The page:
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Phileleutherus Lipsiensis? - What? convict the Doctor of, a falsehood ? It would be an untruth beyond a doubt ;--an evasion, to say the least of it, which amounts to little less than an untruth. But are not the passages from Phileleutherus Lipsiensis equally evasive? They are intended to say neither more nor less, than “ I am not the author of this book;" which is just as evasive, and just as false, as to say, “ Vidi ipse, cum Romæ essem,” &c.—So much for your correspondent's mode of proving that the Callimachus, which was printed at London in 1741, was not edited by Dr. Bentley

We now proceed to examine the second part of this elaborate article. “ It is plain enough then,” says your ingenious correspondent, “ who was not the author of this book, the question is, who was. I believe, though I cannot quite prove it, that the real editor was Richard Warren, S. T. P. of Jesus Coil. Cambridge, who in the very following year printed an edition of Hierocles on the Golden Verses, with the same types, and for the same editors, putting his initials to that book, which he had not done to the former. Nothing can be more similar than the two books in every external mark.

This proof, which your correspondent himself confesses to be only a partial one, is more exceptionable than the one which we have just dismissed. Your correspondent contends, that since these books are similar in every external mark, they must needs have been edited by the same person. Equally reasonable would it have been to have asserted, that all volumes in vellum-binding were edited or bound by the same person !

But hold ; let us examine these external marks, and, by carefully contrasting them, force out this strange similarity, which strikes so strong upon the imagination of your correspondent. We will therefore be at the pains of transcribing the two titles :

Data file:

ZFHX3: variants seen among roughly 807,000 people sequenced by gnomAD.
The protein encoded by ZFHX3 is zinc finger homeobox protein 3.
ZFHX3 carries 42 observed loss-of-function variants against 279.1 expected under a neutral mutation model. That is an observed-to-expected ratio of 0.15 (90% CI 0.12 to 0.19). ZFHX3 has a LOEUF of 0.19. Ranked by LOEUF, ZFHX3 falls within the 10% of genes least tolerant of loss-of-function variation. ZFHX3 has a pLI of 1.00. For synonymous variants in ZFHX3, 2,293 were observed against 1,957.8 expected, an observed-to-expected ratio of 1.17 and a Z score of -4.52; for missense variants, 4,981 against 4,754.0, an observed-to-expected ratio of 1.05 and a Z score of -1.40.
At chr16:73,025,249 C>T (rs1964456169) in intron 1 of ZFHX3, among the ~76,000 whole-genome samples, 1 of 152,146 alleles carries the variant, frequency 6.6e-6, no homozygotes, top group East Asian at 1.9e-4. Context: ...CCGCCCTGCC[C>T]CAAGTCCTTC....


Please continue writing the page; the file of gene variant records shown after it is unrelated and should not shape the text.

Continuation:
“ CALLIMACHI Hymni et Epigrammata : quibus accesserunt Theognidis carmina : necnon Epigrammata centum septuaginta sex ex Anthologiâ Græcà, quorum magna pars non antè separatim excusa est. His adjurícta est Galeni Suasoria ad artes. Notas addidit, atque omnia emendatè imprimenda curavit Editor. In Przefatione disseritur de Lingua Græcæ pronunciatione secundumne Quantitaten an Accentum melius procedat. 'O SO YOTE xozko gora Brozavíris. De seipso Callimachus. Londini, Impensis Gul. Thurlbourne, Bibliopole Cantab. Veneunt apud J. Nourse. .P. Vaillant. J. Becroft. Lond. MDCCXLI.”

“ HIEROCLIS, Philosophi Alexandrini in Aurea carmina Come mentarius. Græcè et Latine. Græca accuratiùs nunc recognita, et ad MSS. codicum fidem exacta, plurimisque in locis è Gudiani Medicai codicis collatione emendata, unà cum notis subjunctis. Edidit R. W.S.T. P. Coll. Jes. Cant. nuper Socius. Londini,

110

Typis Jac. Bettenham: Impensis Gul. Thurlbourne, Bibliopolæ L.D. Cantab. Veneunt apud J. Nourse, P. Vaillant. J. Becroft. Lond. MDCCXLII."